The macro fundamentals surrounding Nigeria’s major export, including the recent jump in crude oil prices to about $40, seem to have helped Nigeria’s foreign reserve to rise at a steady pace.
According to the latest data obtained from the Central Bank of Nigeria (CBN), Nigeria’s foreign exchange reserves now stand at $36.57 billion, having increased sharply from $33.42 billion as of April 29, 2020. This shows a gain of $3.15 billion dollars in 33 days.
What you need to know about Nigeria’s foreign reserves
Foreign exchange reserves are financial assets held in reserve by CBN in foreign-dominated assets. These foreign financial dominated reserves are used to meet payment or debt obligations. They also influence monetary policies and include foreign-dominated currencies, foreign-dominated bonds, and other International backed securities.
This feat recorded above (rising FX reserves) has given the CBN Governor, Godwin Emefiele, more ammunition to defend the naira.
Also, the macro fundamental of Nigeria’s currency presently shows that Mr. Emefiele has kept his word on hitting currency speculators hard.
The naira has been stable in the short term, even though data obtained from Everdon Bureau de Change showed that the currency had failed to break the resistance price level of N450 to $1 in the last 6 days in Nigeria’s parallel market.
Weeks ago, the naira traded as high as N475 to $1. However, on Thursday morning it was sold at N446 to $, proving that Nigeria’s monetary captain is bent on stabilizing the currency for the long haul. Recall that the CBN Governor had warned currency speculators and hoarders to stop manipulating Nigeria’s exchange rates. He also recommended that Nigerians should stop patronizing black market currency operators. According to him, the rates they are buying the dollar from the black market are unrealistic.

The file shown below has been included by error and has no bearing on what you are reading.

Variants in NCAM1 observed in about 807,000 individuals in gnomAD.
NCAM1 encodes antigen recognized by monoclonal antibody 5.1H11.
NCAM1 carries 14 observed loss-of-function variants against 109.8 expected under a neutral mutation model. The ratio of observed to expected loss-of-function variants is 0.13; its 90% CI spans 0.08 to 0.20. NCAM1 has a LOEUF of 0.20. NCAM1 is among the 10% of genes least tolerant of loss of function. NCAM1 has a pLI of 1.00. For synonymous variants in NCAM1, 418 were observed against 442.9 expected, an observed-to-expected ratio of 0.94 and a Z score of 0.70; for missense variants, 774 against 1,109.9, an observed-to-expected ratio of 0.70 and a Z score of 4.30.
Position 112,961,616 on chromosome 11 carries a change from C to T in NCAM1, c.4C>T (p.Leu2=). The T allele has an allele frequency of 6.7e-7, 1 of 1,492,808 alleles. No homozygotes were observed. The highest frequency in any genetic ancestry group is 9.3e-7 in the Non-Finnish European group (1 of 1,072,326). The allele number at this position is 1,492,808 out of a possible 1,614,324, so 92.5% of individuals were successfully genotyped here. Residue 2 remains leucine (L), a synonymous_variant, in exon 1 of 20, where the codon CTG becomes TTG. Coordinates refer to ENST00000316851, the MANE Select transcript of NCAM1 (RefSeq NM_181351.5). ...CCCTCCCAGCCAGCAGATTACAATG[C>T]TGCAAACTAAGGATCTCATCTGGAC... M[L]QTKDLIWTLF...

In addition, Nigeria’s central bank recently re-started the weekly dollar sales of $100 million for small businesses and individuals who are in genuine need of foreign exchange.
Philip Anegbe, Team Lead at CardinalStone Research, had recently told Nairametrics that the pressure on the naira would ease off soon. He said:
“I believe some of the recent pressures on FX is driven by speculators’ panic responses to weakness in dollar earnings, the decline in FX inflow through the I and E window, and suspension of dollar sales to BDCs (Bureau De Change operators).
“The imminent resumption of BDC activities is therefore likely to slightly ease Naira pressures in the parallel markets, but we believe the underlying medium-term fundamental concerns facing the Naira still remain.”